While not the official midway point through the season, the allstar break certainly serves as the unofficial midway point in the long, 162-game season that is major league baseball. I thought it would be fitting to take advantage of the allstar break to prepare a report card of sorts and break down the different aspects of the Blue Jays organization. This is part two of the series: The Bullpen.
Coming into Spring Training, it was hard to find any holes in the Blue Jays roster. But if you were forced to point to something, it probably would’ve been the bullpen. Casey Janssen showed great consistency since taking over the closer role in 2012, but he isn’t a prototypical closer and he was coming off shoulder surgery. Sergio Santos was thought to challenge Janssen for the closer spot, leaving Darren Oliver and Steve Delabar as solid late inning options. Aaron Loup was thought to make the club, but had almost zero expectations since he was entering his first full season. Brett Cecil was a question mark to even make the 25-man roster. Esmil Rogers was to be a mulitple inning, mid-relief guy. Dustin McGowan, please. He would probably just get hurt again. Juan Perez, Neil Wagner….who are they?
One of the lone bright spots at the break is the Jays’ bullpen. The group has posted the best bullpen ERA in the AL over the first half (2.90), the most wins in the AL (21), all while pitching the most innings of any ‘pen in the MLB (334.2). Let’s look at each member of the group who has contributed to the surprise success.
Juan Perez (19.2 IP, 0.00 ERA, 1-1 record, 0.76 WHIP, 21 K’s) – Perez came out of nowhere this season. A 34-year-old career minor leaguer and with the Jays in search of a fresh arm to eat some innings due to the rotations early season struggles, Perez earned a call up when he pitched to a 0.86 ERA over 21 innings in triple-A. It was thought Perez would be a sort-term inning eater and head back to Buffalo when the rotation turned things around and got healthy. After posting a 0.00 ERA in 19.2 innings with the big club, Perez doesn’t look to be going anywhere soon – especially since sending him to the minors would expose him to waivers. With a very affordable $380,000 contract, he would surely be claimed by any contending club looking to add bullpen depth. The emergence of Perez (along with Loup and Cecil) give the Jays flexibility to trade veteran Darren Oliver to a contender before the July 31st deadline. With his hurky-jerky motion, he sure is fun to watch.
Dustin McGowan (11.2 IP, 1.54 ERA, 0-0 record, 0.86 WHIP, 15 K’s) – McGowan is finely healthy (touch wood) in part due to the Jamie Evans throwing program which has strengthened his ever-ailing shoulder. It’s only 11.2 innings, but McGowan’s stuff looks as good as it ever has and his maturity and determination really shine through when he is on the mound. If he can stay healthy – and that’s still a big if – the patience the Jays have shown with his injury-riddled start to his career might just pay off. And if he does stay healthy, a lot more pitchers might start subscribing to the Jamie Evans velocity program.
Steve Delabar (42.0 IP, 1.71 ERA, 5-1 record, 1.26 WHIP, 58 K’s) – Delabar, a feel-good story of a teacher turned MLB allstar and arguably the man that made Jamie Evans’ velocity program famous, has been everything the Jays were hoping when they acquired him from the Mariners last season for OF Eric Thames. He still walks too many hitters (23 so far) but doesn’t allow the long ball (1 so far) and has the strikeout ability to make up it. More than any other reliever in the Blue Jays bullpen, when they need a big strikeout, he is the guy to go to.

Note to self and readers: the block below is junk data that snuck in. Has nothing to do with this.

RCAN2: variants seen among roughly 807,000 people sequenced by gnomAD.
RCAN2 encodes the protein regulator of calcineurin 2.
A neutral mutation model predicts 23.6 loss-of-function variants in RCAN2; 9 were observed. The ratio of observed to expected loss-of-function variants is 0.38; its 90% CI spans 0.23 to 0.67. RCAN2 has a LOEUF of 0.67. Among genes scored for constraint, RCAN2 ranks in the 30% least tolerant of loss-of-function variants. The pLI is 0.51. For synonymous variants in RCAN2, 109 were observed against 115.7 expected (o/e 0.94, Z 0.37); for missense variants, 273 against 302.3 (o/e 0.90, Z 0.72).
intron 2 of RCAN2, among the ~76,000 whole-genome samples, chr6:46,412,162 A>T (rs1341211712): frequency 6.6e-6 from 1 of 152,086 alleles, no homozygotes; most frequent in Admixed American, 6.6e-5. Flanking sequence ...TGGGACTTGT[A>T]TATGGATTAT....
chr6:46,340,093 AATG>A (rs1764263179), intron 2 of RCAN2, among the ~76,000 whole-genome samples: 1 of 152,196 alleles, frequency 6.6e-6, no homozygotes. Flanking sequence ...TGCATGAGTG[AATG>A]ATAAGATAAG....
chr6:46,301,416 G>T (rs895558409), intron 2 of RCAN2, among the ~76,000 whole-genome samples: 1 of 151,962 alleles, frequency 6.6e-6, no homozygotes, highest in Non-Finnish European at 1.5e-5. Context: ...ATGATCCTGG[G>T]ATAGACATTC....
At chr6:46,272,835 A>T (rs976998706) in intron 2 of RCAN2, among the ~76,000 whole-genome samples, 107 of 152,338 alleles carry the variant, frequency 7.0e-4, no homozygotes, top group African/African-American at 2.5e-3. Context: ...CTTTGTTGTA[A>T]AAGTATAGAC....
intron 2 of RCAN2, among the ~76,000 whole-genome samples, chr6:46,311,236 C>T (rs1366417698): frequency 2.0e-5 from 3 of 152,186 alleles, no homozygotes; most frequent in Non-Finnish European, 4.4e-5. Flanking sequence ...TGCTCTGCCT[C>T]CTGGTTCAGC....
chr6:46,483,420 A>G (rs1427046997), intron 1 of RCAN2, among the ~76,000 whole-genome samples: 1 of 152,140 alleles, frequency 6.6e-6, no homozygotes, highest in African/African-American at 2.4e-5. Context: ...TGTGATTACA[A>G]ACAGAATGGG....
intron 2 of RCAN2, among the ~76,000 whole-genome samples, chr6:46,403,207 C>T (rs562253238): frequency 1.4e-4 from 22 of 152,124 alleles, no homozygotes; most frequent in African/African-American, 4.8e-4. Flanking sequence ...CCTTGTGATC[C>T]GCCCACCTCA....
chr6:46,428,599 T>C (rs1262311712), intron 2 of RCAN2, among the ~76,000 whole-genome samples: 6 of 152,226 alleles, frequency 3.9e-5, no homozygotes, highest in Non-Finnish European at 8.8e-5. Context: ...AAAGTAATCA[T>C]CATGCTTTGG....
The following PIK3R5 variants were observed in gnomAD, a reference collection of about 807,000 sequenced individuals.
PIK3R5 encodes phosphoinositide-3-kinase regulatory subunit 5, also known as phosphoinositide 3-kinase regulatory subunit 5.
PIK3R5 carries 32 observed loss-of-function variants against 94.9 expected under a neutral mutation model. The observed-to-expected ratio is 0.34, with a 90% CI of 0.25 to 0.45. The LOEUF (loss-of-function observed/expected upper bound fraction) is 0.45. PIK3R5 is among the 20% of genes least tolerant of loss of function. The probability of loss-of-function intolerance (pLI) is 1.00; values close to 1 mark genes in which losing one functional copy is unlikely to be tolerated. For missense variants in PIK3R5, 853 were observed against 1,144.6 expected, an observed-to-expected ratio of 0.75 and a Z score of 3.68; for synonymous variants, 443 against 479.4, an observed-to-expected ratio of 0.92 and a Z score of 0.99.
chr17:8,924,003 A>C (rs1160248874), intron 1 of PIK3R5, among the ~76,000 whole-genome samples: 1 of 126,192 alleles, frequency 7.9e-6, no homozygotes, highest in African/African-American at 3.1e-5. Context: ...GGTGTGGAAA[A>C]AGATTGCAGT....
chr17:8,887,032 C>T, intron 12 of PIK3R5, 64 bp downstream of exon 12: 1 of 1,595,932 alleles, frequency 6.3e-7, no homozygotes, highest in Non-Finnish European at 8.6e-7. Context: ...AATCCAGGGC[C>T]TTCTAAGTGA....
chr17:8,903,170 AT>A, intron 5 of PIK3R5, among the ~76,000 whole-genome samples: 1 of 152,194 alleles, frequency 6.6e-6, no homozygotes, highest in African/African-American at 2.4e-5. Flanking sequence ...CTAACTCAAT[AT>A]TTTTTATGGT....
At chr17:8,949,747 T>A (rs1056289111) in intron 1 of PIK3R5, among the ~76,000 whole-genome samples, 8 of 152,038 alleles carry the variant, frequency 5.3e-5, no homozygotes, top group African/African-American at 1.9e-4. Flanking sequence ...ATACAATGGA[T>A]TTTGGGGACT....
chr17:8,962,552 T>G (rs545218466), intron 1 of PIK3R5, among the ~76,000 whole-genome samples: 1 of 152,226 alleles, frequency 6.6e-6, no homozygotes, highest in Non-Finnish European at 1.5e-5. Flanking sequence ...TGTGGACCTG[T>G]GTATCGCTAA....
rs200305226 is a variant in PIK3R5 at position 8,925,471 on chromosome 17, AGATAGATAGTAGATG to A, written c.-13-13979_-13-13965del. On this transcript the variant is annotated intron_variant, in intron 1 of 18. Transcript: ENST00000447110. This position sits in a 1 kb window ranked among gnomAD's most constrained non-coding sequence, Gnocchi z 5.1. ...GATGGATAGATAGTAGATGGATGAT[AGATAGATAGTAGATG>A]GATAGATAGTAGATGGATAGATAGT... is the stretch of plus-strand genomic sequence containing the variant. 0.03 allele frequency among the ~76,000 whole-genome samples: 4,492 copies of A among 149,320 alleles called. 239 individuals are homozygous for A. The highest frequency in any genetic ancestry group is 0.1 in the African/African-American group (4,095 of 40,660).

Brett Cecil (46.1 IP, 1.96 ERA, 3-0 record, 0.97 WHIP, 55 K’s) – After winning 15 games as a rookie starter in a tough AL East, the next couple season weren’t too kind to Cecil. He struggled mightily as a starter, experienced an alarming drop in velocity, and looked like he was destined for a permanent home in the minors. Yet, Cecil – despite his struggles – still managed to get lefty batters out at a very high rate. So it’s no surprise the Jays gave him a shot to grab a spot in the bullpen since he is out of minor league options (you’ll remember I wrote about this months ago and actually discussed it with Alex Anthopoulos). Am I surprised with Cecil’s success this season? Not at all. I’ve always thought he was more suited for the ‘pen – he was a closer in college. Am I surprised by Cecil’s command and much improved velocity? Absolutely. Thank you Jamie Evans (are we noticing a trend here?)
Aaron Loup (46.1 IP, 1.94 ERA, 4-3 record, 0.97 WHIP, 33 K’s) – Where did this guy come from? Last year, Loup was a surprise call up from double-A and he has never looked back. This year, Loup experienced his first major league camp Spring Training invite. It’s unbelievable. Loup has shown the ability to pitch multiple innings, strand inherited runners, dig in for a strikeout, or get a double-play grounder. The angle he creates with his 3/4 arm slot is nasty, but it’s his ability to throw consistent strikes with his delivery that impresses most. Loup has only walked 6 batters. When looking to induce contact, Loup is an option right up there with Janssen.
Sergio Santos (4.1 IP, 2.08 ERA, 0-1 record, 0.92 WHIP, 6 K’s) – After missing nearly all of last season to shoulder surgery, Santos couldn’t get through 5 innings this year before requiring elbow surgery. The hard-throwing righty is now been prescribed the Jamie Evans training program and hopes it helps cure his oft-injured arm. The Jays are hoping Santos can regain the form that saw him strikeout 92 in just 63.1 innings for the White Sox in 2011. 2014 will be very interesting for Santos – the Jays hold club options on him for 2015, ’16, and ’17. He’ll need to stay healthy and pitch well if he hopes to cash in on the contract structure the Jays inherited from the White Sox. Santos is scheduled to come back to the ‘pen late July. So the question is, who does he replace? With how well everyone in the bullpen is throwing, don’t be surprised if Santos has an “extended” rehab assignment.
Thad Weber (13.0 IP, 2.08 ERA, 0-1 record, 1.23 WHIP, 8 K’s) – Weber was used as a fresh arm to call up when the bullpen was gassed earlier this year. Although he pitched well, his stuff isn’t as good as the guys currently in the ‘pen and doesn’t look to have a role with the Jays beyond triple-A depth. Yet, with a 2.37 ERA in 49.1 innings for Buffalo, he certainly provides quality depth.